Queen Darejan was the third wife of King Erekle II and she was against her husband’s close relations with Imperial Russia from the outset. The queen started to actively interfere with royal affairs and as early as 1770, Darejan saw the real face of Russian diplomacy and didn’t believe in Russia’s supposed help and protection. Not only Erekle’s children, but many famous and influential people took the queen’s side, leading to the first anti-Russian movement inside the royal family. Unfortunately, Darejan and her supporters didn’t succeed and in 1783 Erekle II signed the Treaty of Giorgievsk according to which Kartli-Kakheti region became the protectorate of Russia and guaranteed its territorial integrity and the continuation of its reigning Bagrationi dynasty.

In 1795, Georgia was invaded by Agha Mohammad Khan, who destroyed the country and took several prisoners. Russian help never came. In 1801 the Russian Emperor Alexander I signed a manifesto to abolish the Kartl-Kakheti kingdom. Georgia had lost its independence and became part of the Russian Empire. The establishment of the Russian regime was followed by political demonstrations in Kakheti in 1802, and the Mtiuleti rebellion in 1804.

With the hope of saving the kingdom, everyone turned to Darejan, who demanded a restoration of the throne and annulment of the manifest. The Russian Empire decided to exiled Queen Darejan to Russia and abolish the Bagrationi Dynasty. Darejan was the last queen of Georgia.

Maro Makashvili

Mariam (Maro) Makashvili, born in 1902 in the family of a nobleman was a nurse. Her father, Konstantine Makashvili was a poet and one of the founders of the Georgian Writers’ Union; while her mother, Tamar Gabashvili, was the daughter of Ekaterine Gabashvili, a Georgian writer.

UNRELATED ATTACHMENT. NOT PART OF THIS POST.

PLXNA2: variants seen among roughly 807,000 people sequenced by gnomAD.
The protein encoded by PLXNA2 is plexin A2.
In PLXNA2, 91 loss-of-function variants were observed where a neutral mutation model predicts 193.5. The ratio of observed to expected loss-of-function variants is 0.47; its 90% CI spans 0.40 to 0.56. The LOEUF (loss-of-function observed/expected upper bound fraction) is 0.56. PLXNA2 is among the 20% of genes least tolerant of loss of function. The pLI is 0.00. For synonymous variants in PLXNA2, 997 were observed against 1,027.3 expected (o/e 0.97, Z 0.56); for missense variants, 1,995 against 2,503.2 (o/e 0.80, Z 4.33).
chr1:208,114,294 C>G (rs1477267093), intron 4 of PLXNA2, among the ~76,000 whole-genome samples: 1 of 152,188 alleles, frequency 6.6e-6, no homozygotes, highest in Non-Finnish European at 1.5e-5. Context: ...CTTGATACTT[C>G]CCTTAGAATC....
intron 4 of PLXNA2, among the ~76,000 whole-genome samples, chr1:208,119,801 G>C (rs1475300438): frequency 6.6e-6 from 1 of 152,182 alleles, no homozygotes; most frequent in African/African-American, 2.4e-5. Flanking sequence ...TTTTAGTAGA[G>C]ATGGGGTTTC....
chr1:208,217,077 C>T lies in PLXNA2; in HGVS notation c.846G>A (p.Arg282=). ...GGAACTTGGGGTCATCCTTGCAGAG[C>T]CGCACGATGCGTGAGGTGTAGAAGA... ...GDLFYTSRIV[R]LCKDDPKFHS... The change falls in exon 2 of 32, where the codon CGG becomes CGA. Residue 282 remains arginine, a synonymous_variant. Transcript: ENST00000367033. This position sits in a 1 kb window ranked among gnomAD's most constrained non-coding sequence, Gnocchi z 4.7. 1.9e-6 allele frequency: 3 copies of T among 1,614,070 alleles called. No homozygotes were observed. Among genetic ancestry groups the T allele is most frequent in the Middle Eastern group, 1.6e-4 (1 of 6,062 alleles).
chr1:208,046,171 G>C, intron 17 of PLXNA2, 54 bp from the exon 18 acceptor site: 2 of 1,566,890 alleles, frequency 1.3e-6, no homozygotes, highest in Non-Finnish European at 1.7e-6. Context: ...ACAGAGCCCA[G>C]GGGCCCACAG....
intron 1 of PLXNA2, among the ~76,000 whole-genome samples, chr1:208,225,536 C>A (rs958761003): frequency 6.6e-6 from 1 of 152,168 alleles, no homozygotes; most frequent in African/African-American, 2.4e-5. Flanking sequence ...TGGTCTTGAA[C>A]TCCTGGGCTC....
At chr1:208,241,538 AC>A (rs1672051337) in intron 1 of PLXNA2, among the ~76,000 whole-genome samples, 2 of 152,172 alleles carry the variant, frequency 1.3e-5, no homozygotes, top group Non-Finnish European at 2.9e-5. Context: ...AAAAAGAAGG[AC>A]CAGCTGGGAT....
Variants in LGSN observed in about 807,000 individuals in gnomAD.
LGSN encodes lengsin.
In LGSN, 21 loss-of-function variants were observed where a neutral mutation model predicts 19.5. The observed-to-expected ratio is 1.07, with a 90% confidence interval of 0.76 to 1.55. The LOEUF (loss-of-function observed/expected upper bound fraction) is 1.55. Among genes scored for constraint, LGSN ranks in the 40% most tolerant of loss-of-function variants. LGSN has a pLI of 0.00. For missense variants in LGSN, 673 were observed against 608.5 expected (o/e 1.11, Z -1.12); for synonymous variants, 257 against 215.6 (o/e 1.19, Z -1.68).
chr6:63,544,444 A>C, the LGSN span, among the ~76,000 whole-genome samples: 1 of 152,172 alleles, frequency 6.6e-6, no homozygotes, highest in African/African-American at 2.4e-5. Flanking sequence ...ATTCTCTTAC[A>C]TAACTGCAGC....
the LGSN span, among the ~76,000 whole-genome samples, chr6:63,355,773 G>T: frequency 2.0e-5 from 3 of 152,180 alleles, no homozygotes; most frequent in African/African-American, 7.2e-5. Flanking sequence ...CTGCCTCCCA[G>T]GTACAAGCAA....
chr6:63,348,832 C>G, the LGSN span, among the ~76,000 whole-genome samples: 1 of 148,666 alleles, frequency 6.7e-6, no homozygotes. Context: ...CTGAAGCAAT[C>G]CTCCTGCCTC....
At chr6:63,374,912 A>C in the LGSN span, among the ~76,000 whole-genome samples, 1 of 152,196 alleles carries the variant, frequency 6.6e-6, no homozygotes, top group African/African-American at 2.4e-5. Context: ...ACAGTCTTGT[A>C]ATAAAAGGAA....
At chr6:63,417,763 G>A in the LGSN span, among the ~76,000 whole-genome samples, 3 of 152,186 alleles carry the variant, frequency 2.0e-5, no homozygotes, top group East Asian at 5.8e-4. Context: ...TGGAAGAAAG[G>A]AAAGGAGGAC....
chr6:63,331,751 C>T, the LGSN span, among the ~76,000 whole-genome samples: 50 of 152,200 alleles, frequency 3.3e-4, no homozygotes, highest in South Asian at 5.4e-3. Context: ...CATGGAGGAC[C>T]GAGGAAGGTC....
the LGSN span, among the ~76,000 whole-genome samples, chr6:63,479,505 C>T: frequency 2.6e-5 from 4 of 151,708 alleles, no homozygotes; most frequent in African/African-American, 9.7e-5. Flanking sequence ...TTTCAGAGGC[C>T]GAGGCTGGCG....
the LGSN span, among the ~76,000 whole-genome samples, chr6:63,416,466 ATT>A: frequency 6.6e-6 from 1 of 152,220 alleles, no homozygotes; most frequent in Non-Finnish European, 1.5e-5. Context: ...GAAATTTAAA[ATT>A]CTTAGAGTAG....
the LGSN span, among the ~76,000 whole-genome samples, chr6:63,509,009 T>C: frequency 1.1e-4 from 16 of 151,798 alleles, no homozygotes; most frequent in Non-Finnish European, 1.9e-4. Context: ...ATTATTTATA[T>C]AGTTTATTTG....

In 1921, when the Red Army entered Georgian territory, the 19-year-old Maro volunteered as a nurse in the Red Cross and joined the sanitarian squad. Unfortunately, four days later after the invasion, on February 19, she was wounded by a grenade and died on February 20.

Nino Jorjadze

Three months after Austria-Hungary declared war on Serbia in 1914 and began the First World War, Nino Jorjadze, a 30-year-old Georgian citizen became a member of the Red Cross and headed to the battlefield. She was a nurse who not only helped the wounded soldiers but depicted the stories of the war and gave Georgia unprecedented photographic material of the battlefield.

Nazi Shamanauri

Nazi Shamanauri was a journalist during the 1970s who published letters where she boldly disclosed the faulty rule and events that were happening in the whole country. Her last letter ‘Village Life’ was published in 1974 and afterwards, the publishing houses refused to publish her writings.

In 1982, during a celebratory event in Chargali, she delivered a speech where she exposed the criminal acts of the officials of Dusheti district, as well as the disastrous situation of Georgia. She and her mother were immediately detained by militia officers. The Dusheti District Court sentenced her and her mother to compulsory treatment in Tbilisi Psychiatric Hospital, where Nazi started a hunger strike which lasted for 70 days. Nevertheless, she was still tortured with insulin shocks and neuroleptic injections, which severely damaged her health condition. In 1983, Nazi was severely beaten by the facility staff and transferred to hospital where she died.